The tax code divides 501(c)(3) charitable organizations into two primary types: private foundations and public charities. Public charities are organizations funded by a diverse subset of donors, including governments, individuals, and other charities. Their primary activity is to conduct charitable programs as opposed to merely making grants. Private foundations, on the other hand, are organizations primarily funded and governed by a single donor, family, or company. They are typically engaged in grantmaking as their primary activity. Because they are not dependent on the general public for funding, and thus viewed by the Internal Revenue Service (IRS) as less "accountable" to the public, private foundations are subject to more restrictions on the way they operate and transfer funds. Notably, donor-advised funds (DAFs) are something of a hybrid: while technically public charities, they are subject to many of the same restrictions as private foundations with respect to grantmaking.
Before making a grant, private foundations and DAFs must either ensure that the grantee is a recognized public charity (or its foreign equivalent) or exercise expenditure responsibility over the grant. A U.S. grantee’s charitable status may be verified by confirming that it is currently recognized by the IRS as a 501(c)(3) public charity and is not a private foundation. For non-U.S. grantees to be recognized as public charities by the IRS, the foundation or DAF might choose to conduct an equivalency determination, or "ED." An equivalency determination is a specific kind of due diligence conducted by a "qualified [U.S.] tax practitioner" for the sole purpose of determining whether a non-U.S. grantee is legally restricted in its operations to the same degree as a U.S. public charity. An equivalency determination is conducted prior to making the grant. Obtaining an ED for the grantee allows the funder to legally proceed without further assurances regarding the use of the funds (as long as it has no reason to believe the funds will be diverted). Alternatively, expenditure responsibility – which may be exercised on either a non-U.S. grantee or a U.S. non-charitable entity – requires that the funder conduct certain due diligence before, during, and after making the grant. This can happen in the form of a pre-grant inquiry, restricted grant payments, and the collection of reports on the use of the funds.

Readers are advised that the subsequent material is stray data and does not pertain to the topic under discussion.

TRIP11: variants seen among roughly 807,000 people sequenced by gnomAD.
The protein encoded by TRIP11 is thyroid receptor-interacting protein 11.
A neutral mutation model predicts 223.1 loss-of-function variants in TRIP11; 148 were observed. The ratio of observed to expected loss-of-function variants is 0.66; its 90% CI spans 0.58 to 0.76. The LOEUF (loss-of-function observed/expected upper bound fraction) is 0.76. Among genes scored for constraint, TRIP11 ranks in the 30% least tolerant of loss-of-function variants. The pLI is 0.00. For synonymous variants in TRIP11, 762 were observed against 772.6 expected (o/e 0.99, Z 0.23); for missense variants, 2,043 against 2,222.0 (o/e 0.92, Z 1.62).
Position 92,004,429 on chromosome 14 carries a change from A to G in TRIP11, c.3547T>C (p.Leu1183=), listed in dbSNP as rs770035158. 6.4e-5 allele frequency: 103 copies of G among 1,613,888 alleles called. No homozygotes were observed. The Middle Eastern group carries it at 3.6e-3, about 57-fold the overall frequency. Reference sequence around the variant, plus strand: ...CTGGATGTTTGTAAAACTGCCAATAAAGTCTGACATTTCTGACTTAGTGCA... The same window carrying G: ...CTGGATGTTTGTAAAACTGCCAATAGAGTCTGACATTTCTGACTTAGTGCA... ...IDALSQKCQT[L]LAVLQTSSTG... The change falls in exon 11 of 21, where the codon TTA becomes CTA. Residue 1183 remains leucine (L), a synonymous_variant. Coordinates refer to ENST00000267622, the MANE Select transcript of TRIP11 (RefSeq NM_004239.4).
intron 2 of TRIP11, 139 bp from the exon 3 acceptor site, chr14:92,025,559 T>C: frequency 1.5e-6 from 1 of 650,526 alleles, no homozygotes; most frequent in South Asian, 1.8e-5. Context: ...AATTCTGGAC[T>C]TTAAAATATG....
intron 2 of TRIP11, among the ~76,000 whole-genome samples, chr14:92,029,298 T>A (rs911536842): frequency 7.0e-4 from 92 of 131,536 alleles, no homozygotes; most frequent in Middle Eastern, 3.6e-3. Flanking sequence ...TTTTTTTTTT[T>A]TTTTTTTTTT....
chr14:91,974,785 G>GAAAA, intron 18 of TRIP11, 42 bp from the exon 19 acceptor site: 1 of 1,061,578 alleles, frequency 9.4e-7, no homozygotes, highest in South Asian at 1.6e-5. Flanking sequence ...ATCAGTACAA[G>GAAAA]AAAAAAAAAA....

If a private foundation or DAF makes a grant to a non-charity (or a non-U.S. entity) without either exercising expenditure responsibility or obtaining an equivalency determination, the foundation or DAF is subject to penalizing taxes on the grant distribution. Repeated violations resulting in its funds being used for non-exempt purposes (meaning, purposes inconsistent with its tax-exempt status) could result in loss of tax-exemption.
Counterterrorism laws and regulations
Compliance with counterterrorism laws is an ever-growing area of legal risk for organizations of all types, nonprofit or otherwise. Although counterterrorism legislation existed long before the 9/11 terrorist attacks in the U.S., it is without question that the response to 9/11 kicked off an expansive set of regulations that continues to grow in scope and number. For example, the United Nations’ development of 19 international legal instruments to prevent terrorist acts spans back to 1963. And yet, almost half of them were adopted post-9/11.
In an excellent report published by the Overseas Development Institute, Counterterrorism laws and regulations: What aid agencies need to know, Jessica Burniske writes that
Broadly speaking, counter-terrorism law encompasses the body of laws adopted by inter-governmental bodies and states to deter and punish terrorist acts, and to prevent terrorist groups from accessing resources that support their terrorist acts. While counter-terrorism laws existed in many countries prior to 2001, the attacks of 9/11 and the immediate response by the international community served as a catalyst for states to develop new measures and strengthen existing laws.
According to Human Rights Watch, "[m]ore than 140 governments have passed counterterrorism legislation since September 11."
Counterterrorism laws and regulations serve multiple functions, principal among them financial and criminal penalties for knowingly or unknowingly supporting terrorist actors. To quote Burniske again:
Among certain leading humanitarian donor states, counterterrorism laws not only strongly condemn and penalise terrorist acts but also criminalise acts preparatory to or in support of terrorism. In the United States, for example, an act deemed in "material support" of terrorism is punishable by 15 years' imprisonment. The law applies irrespective of the nationality of the accused. The definition of "material support or resources" encompasses a broad range of activities, including the provision of lodging, training, expert advice or assistance, communications equipment, facilities, personnel, and transportation. An individual does not need to intend to further an organisation's terrorist activities to be found guilty under the material support statute, and only the provision of "medicine and religious materials" is permitted under the law. The law contains no general exemption for humanitarian action. In a case challenging the material support statute, the U.S. Supreme Court explained that a wide range of seemingly peaceful activities, such as training listed groups on the use of international law to resolve disputes, are prohibited under the law because any assistance offered to terrorists "frees up" resources for nefarious activities.